Identity theft is the illicit practice where criminals exploit an individual’s personal information for fraudulent activities, often gaining access to sensitive details from various sources, including checks. Exploiting the information readily available on checks, such as account numbers and personal data, serves as a common avenue for these perpetrators. A concerning trend has emerged wherein criminals reverse engineer stolen checks to acquire valuable identities, subsequently utilizing this pilfered information for a range of fraudulent activities, emphasizing the importance of safeguarding personal data to prevent such exploitation and financial harm.

Effects and Ramifications of Check Fraud

Check fraud can cause significant financial losses for both banks and their customers. When fraudulent checks are successfully cashed or deposited, banks bear the brunt of the loss. In addition to the direct financial impact, banks may also experience damage to their reputation, as customers may lose confidence in their ability to safeguard their funds. For individuals affected by check fraud, the emotional toll can be just as devastating as the financial loss. Victims may experience stress and frustration in trying to resolve the issue and recover their money.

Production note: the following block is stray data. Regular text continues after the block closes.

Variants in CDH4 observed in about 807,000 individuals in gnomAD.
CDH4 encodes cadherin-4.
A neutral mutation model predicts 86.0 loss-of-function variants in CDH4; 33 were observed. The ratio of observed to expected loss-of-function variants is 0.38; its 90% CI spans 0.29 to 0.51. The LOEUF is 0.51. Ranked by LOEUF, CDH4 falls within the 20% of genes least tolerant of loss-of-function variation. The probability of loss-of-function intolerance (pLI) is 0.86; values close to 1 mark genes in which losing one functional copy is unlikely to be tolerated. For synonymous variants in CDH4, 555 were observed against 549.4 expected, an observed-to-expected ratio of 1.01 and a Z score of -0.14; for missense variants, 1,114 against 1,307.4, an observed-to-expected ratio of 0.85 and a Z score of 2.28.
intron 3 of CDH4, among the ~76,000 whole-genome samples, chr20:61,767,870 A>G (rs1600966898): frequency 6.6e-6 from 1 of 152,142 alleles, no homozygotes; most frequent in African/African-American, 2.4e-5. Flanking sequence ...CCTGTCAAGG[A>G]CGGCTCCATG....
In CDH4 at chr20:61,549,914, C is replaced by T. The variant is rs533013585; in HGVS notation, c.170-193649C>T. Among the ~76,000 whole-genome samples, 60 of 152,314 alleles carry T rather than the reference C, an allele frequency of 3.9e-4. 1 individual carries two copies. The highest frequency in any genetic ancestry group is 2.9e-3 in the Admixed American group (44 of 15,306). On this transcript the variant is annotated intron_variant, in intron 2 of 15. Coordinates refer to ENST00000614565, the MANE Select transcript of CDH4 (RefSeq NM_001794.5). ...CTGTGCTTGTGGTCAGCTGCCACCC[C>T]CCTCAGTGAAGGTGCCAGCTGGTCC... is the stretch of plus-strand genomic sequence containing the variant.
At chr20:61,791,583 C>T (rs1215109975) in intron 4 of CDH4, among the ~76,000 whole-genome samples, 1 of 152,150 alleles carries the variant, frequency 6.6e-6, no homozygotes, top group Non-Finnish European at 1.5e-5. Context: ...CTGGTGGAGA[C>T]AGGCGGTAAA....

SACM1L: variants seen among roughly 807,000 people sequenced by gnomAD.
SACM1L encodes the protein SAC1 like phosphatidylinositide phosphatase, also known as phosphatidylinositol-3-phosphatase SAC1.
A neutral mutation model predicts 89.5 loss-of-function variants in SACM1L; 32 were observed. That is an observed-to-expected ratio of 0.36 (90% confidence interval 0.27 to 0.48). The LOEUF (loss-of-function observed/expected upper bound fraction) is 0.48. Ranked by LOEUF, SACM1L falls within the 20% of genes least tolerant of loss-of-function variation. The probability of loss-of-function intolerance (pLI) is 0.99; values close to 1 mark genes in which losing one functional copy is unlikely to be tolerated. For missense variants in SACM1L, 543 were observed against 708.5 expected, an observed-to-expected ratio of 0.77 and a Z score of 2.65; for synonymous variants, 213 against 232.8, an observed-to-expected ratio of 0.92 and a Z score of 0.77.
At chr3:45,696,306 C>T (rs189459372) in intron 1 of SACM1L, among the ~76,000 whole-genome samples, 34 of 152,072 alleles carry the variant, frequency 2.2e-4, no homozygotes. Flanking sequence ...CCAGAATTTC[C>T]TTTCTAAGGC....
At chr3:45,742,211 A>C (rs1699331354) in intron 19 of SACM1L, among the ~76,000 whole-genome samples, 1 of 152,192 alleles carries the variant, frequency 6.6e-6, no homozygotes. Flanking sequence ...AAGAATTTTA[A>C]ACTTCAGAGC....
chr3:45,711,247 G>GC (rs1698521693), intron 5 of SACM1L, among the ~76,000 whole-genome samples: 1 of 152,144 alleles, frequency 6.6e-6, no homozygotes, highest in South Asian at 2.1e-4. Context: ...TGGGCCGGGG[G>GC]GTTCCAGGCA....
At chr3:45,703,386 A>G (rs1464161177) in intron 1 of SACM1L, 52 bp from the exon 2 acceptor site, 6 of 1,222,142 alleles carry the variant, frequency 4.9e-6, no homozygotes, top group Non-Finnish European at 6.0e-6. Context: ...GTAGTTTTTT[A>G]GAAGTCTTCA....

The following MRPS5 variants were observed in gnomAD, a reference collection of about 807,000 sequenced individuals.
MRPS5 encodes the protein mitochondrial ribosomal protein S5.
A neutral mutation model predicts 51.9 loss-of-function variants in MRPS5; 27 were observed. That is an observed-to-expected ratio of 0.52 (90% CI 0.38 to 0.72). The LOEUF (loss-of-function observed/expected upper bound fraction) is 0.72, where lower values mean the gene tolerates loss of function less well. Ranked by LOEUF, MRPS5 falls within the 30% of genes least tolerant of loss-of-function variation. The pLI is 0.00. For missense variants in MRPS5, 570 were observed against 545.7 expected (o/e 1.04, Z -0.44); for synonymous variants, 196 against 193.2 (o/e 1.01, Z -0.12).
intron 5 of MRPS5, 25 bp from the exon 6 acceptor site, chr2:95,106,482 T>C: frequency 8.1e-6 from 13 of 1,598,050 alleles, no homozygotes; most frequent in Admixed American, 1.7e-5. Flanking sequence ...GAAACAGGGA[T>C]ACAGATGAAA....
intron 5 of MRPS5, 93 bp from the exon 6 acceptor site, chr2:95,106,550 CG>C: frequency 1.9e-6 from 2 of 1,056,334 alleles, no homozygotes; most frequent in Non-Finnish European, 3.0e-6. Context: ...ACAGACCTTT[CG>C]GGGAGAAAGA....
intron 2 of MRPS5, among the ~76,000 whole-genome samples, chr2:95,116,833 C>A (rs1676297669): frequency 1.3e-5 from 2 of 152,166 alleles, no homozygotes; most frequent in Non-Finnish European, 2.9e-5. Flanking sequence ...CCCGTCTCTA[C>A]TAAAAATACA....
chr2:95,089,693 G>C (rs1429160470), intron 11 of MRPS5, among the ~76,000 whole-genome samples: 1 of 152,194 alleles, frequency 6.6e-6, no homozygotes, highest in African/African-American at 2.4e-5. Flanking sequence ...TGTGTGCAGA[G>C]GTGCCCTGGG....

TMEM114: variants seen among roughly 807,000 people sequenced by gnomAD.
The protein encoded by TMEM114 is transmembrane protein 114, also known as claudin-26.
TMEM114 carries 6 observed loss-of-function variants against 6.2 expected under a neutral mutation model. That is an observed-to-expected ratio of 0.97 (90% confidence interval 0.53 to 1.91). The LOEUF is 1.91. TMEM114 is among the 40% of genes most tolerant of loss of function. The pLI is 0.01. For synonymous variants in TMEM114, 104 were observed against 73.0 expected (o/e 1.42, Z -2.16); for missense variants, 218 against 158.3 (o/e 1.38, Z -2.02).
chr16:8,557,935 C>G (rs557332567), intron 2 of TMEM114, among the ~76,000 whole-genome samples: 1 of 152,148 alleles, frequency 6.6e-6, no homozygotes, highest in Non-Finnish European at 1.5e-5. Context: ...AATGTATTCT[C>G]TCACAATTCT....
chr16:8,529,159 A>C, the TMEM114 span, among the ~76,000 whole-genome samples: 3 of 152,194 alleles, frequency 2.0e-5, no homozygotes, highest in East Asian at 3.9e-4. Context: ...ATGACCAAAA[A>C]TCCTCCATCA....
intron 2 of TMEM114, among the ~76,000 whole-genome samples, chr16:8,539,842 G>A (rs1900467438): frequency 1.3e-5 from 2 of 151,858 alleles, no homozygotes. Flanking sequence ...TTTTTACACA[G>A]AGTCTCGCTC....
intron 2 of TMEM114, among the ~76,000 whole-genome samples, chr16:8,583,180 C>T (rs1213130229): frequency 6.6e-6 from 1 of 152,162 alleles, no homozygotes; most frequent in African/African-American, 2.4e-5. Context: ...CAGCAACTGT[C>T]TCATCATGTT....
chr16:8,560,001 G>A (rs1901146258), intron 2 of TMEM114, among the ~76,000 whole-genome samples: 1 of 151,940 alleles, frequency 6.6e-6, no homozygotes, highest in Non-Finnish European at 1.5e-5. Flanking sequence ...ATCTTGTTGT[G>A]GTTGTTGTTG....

Fraudulent checks come in different forms and can typically be categorized as counterfeit, altered/”washed,” and checks with forged endorsements. These types of fraud present unique challenges to banks as they work to identify and prevent them. It is crucial that banks stay ahead of the curve and continually evaluate their current processes, resources, strategies, and technologies to combat check fraud.

One way banks can recognize check fraud is by utilizing advanced technology. Machine learning and artificial intelligence-based systems can help identify irregular patterns and anomalies in checks, such as alterations or discrepancies in payee names, amounts, and signatures. By implementing these technologies, banks are better equipped to detect and prevent check fraud, in turn minimizing losses and maintaining customer trust.

Another consequence of check fraud is the strain it puts on the U.S. mail system. Mail theft often leads to check fraud and can result in further negative consequences for mail carriers and postal facilities. When mail containing checks is stolen, it can disrupt the delivery process and negatively impact the efficiency and trustworthiness of the U.S. mail system. Ultimately, maintaining security measures is vital for postal services to counteract this growing problem.

In summary, check fraud creates a ripple effect across financial institutions, individuals, and the U.S. mail system. It is essential for banks to proactively identify and prevent check fraud to protect their customers, minimize losses, and maintain trust. By leveraging technology and continually evaluating internal processes, banks can stay vigilant in the fight against this pervasive issue.